A new summer exhibition has opened at the Queen’s Gallery that takes a long and richly decorated look at Georgian-era clothing fashions. The exhibition tells the story of 18th-century fashion through portraiture, covering the four Georges – from the accession of King George I in 1714 to the death of George IV in 1830.
What makes the exhibition more interesting than just room after room of paintings of rich dead people is that they’ve also looked at how the clothes were made, cleaned, and often recycled.
This exhibition brings together over 75 paintings from the Royal Collection, over 50 works on paper, miniatures, prints, and drawings, alongside accessories and jewellery from the period. Unusually for the Queen’s Gallery, which usually only shows works from the Royal Collection, they’ve also included some clothes on loan from other museums. Many of the clothes on show are rarely displayed because putting them on display is avoided to prevent damage, so this is a rare chance to see some of the items in the exhibition.
The gallery has also paired the fabrics they’ve been loaned with the paintings of the person wearing them. Not only can you compare the painted version with the actual object, but also most paintings only ever show the front of the clothes, and here you can usually see their equally richly decorated backs.
This is also a slightly unusual exhibition in that it’s not grouped by artist or school, but by the chronology of the fashions depicted. That has allowed them to put less well known artists next to the big name painters in a way that would be unlikely to happen elsewhere.
While the rooms are filled with richly decorated paintings of the great and occasionally good, what takes the exhibition beyond simply looking at paintings is the exploration of how the clothes were made and looked after.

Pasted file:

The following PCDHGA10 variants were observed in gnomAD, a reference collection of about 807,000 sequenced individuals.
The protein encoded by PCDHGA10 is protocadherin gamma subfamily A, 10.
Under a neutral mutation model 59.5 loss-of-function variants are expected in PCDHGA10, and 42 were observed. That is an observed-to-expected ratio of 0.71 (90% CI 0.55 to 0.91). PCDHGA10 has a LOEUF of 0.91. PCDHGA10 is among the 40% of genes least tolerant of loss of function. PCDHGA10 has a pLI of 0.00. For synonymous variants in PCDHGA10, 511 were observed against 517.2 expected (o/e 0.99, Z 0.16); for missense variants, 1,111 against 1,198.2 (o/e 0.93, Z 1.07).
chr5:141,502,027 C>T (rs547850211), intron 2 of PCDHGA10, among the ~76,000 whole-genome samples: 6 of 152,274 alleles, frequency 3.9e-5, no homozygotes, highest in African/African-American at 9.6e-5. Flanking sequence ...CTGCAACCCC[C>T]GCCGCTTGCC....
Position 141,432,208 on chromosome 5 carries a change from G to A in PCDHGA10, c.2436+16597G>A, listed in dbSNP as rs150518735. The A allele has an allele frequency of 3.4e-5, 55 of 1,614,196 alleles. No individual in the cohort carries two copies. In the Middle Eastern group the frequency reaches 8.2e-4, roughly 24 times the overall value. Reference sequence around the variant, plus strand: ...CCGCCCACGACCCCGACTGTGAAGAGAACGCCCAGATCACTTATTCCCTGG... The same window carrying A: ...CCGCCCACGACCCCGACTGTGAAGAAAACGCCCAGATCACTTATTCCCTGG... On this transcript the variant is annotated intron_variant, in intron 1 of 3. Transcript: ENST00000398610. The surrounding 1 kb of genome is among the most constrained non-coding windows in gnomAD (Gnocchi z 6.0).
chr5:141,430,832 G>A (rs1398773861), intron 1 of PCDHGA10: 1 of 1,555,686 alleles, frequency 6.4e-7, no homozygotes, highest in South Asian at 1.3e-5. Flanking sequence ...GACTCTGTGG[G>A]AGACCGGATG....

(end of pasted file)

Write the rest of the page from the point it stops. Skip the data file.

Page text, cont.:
Few of the servants could ever commission an expensive painting, but many were sketched, so the exhibition shows off, for example, a room with a row of tailors all sitting close to a window to get the best light in the days before gas lighting, or the washerwoman adding blue to the water to disguise the yellowing of the white fabric. Something that’s still done to this day with washing powders – although most people are unaware of it.
With everything handmade, and in the days before more elastic fabrics, generally, custom-made for the wearer, the clothes were exceptionally expensive — and often recycled. From mistress to servant to family, to cut up and reused. A book on display has clearly been bound using worn fabric from a grand lady’s dress.
Even if not handed down, they were often adjusted for the wearer, so modern curators can look at how a dress has been enlarged, several times, to fit a more portly owner later in life. Imagine having your weight gain preserved as a record in your clothes for future generations.
The paintings though show the changing fashions over the decades of the Four Georges, and particularly how military fashions changed in the nobles who were painted in their officer’s uniforms. There’s a particularly good pairing of two officers a decade apart showing how their tunics transitioned from bright blue to a much darker blue that was more suitable for warfare.
There’s also satire here, mocking the efforts of the portly Georgian gentleman to squeeze into their clothes, but also highlighting how the poor are abused to make a gentleman look gentlemanly. Do pay attention to the dentistry and how poor people sometimes sold their teeth to pay their bills. Not that the rich seemed to benefit that much and were rarely able to smile in paintings — look at the portrait of George Washington for a man who looks like he’s in pain holding a denture in place.
Those insights into the dark underbelly of what it took to look glamorous in the Georgian era lifts this exhibition from a good collection of grand paintings into something quite revealing and educational as well.
If you gift-aid your ticket, you also get unlimited return visits for a year, which means you can also visit their winter exhibition later this year for free. So in effect, two exhibitions for the price of one.
- Adult: £17
- Young Person (18-24): £11
- Child (5-17)/Concessions: £9
- Under 5: Free
Tickets can be booked from here.
There’s also a very large and as I found out carrying it home, very heavy exhibition catalogue available from the shop.